When this happened to me I was living downtown.  I loved it!  It killed me to have to move out, but I did because he wasn’t safe.  It has been hard to live “uptown.” I miss my past life with him, at least I miss the life I thought I had with him. Little did I know he would never provide safety for me again.

A woman truly walks this road completely alone.  Even with the support of the family and friends, therapist and groups, it is truly something that, in the end, you do alone. The only one who truly “gets it” is God.  He is the only one who can mend my broken heart.

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Grief is a solitary exercise.  It’s quiet uptown.  It’s suffering too terrible to name.  I am going through the unimaginable.

Stay Strong, Be Sweet

chocolate cupcake warrior

The Cupcake Warrior

abuse, addiction, betrayal, Emotional, Narcissist

Narcissism & Sex Addiction: Twins of Pain

“For men shall be lovers of their own selves, covetous, boasters, proud, blasphemers, disobedient to parents, unthankful, unholy,Without natural affection, trucebreakers, false accusers, incontinent, fierce, despisers of those that are good,Traitors, heady, highminded, lovers of pleasures more than lovers of God;Having a form of godliness, but denying the power thereof: from such turn away.”

Timothy 3:2-5

My ex-husband was diagnosed with Narcissistic Personality Disorder shortly after I discovered his “first” affair over 9 years ago.  The more I read up on it, the more despondent I became.  I couldn’t see him taking this seriously at all.  It turns out he didn’t. Medication and therapy were short-lived.  He pushed them off as being unnecessary, too expensive, and he was in complete control of himself. Being a narcissist, alone, ensured that he will not believe he had a problem to begin with, or if he could be convinced that he did have a problem, eventually, he would believe he was aweome enough  to overcome it on its own.  Timageshat is exactly what happened.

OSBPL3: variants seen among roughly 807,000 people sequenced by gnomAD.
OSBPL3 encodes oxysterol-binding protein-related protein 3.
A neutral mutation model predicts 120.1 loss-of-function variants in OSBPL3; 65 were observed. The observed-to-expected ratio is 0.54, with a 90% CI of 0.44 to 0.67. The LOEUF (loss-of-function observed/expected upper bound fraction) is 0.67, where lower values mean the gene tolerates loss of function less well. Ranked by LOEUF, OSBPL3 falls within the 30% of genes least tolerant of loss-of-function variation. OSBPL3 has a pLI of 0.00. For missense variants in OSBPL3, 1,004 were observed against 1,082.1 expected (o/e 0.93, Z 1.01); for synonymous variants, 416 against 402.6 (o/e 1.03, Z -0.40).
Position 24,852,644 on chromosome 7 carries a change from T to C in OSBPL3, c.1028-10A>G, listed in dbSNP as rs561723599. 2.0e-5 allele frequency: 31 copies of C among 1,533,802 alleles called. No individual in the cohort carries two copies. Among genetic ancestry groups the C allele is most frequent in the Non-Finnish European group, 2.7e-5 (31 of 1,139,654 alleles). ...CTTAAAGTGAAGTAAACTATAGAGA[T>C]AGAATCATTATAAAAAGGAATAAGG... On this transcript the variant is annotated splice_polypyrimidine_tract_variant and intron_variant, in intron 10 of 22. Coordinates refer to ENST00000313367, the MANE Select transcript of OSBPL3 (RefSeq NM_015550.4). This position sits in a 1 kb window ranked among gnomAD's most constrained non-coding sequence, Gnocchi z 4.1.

The reason we divorced is because he would not, could not, admit he had a problem.  I had let it slide the first time, this time I could not.  He would have to admit to his problem or lose me. But like the fabled Narcissus, he would rather be in love with his image of himself than find true love in a real woman.

What is Narcissism?

Many experts use the criteria in the Diagnostic and Statistical Manual of Mental Disorders (DSM-5), published by the American Psychiatric Association, to diagnose mental conditions. This manual is also used by insurance companies to reimburse for treatment.

DSM-5 criteria for narcissistic personality disorder include these features:

  • Having an exaggerated sense of self-importance
  • Expecting to be recognized as superior even without achievements that warrant it
  • Exaggerating your achievements and talents
  • Being preoccupied with fantasies about success, power, brilliance, beauty or the perfect mate
  • Believing that you are superior and can only be understood by or associate with equally special people
  • Requiring constant admiration
  • Having a sense of entitlement
  • Expecting special favors and unquestioning compliance with your expectations
  • Taking advantage of others to get what you want
  • Having an inability or unwillingness to recognize the needs and feelings of others
  • Being envious of others and believing others envy you
  • Behaving in an arrogant or haughty manner